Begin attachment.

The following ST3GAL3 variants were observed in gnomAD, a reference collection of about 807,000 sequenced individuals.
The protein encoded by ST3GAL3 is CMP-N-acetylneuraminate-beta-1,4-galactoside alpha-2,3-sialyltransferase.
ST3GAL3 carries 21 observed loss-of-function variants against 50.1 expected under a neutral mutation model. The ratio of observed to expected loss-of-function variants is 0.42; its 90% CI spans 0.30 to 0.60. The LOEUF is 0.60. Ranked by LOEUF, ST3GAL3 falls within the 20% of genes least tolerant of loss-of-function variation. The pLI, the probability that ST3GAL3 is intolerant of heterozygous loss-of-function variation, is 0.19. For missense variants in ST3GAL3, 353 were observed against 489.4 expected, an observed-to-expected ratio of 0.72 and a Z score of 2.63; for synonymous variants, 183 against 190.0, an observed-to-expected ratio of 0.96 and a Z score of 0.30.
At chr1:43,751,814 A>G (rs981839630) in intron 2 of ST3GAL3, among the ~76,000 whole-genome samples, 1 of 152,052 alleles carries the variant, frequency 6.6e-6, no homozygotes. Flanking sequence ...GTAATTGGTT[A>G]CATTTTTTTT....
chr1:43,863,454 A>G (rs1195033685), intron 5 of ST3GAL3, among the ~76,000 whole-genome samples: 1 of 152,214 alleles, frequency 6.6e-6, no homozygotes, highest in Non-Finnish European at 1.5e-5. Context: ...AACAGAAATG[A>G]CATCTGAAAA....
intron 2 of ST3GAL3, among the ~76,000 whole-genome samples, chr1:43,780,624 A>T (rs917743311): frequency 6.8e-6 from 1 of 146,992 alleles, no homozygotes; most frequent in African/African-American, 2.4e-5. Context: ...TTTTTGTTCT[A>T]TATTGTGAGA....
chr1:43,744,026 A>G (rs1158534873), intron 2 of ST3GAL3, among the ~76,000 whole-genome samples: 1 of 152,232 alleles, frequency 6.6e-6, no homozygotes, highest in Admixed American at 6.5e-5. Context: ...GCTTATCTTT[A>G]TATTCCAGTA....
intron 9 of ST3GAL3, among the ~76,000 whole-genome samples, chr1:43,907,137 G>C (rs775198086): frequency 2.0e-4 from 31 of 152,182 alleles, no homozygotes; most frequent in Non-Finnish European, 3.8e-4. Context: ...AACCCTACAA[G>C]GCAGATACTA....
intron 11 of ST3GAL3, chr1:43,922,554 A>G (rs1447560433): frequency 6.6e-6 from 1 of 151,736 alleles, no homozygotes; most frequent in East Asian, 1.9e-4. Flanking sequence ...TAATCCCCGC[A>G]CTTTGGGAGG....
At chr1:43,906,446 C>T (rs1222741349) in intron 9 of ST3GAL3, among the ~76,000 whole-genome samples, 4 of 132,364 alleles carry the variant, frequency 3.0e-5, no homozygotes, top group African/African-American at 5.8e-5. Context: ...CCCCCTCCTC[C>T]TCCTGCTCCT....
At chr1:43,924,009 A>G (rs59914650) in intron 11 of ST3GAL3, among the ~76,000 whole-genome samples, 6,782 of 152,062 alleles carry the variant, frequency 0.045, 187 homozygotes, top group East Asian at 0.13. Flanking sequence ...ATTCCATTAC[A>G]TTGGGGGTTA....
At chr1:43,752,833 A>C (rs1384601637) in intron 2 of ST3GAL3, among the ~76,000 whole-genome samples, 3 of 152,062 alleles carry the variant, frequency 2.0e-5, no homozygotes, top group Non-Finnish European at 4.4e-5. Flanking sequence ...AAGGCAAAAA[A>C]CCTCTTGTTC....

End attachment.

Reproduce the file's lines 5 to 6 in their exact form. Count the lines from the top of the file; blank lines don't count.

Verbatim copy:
chr1:43,863,454 A>G (rs1195033685), intron 5 of ST3GAL3, among the ~76,000 whole-genome samples: 1 of 152,214 alleles, frequency 6.6e-6, no homozygotes, highest in Non-Finnish European at 1.5e-5. Context: ...AACAGAAATG[A>G]CATCTGAAAA....
intron 2 of ST3GAL3, among the ~76,000 whole-genome samples, chr1:43,780,624 A>T (rs917743311): frequency 6.8e-6 from 1 of 146,992 alleles, no homozygotes; most frequent in African/African-American, 2.4e-5. Context: ...TTTTTGTTCT[A>T]TATTGTGAGA....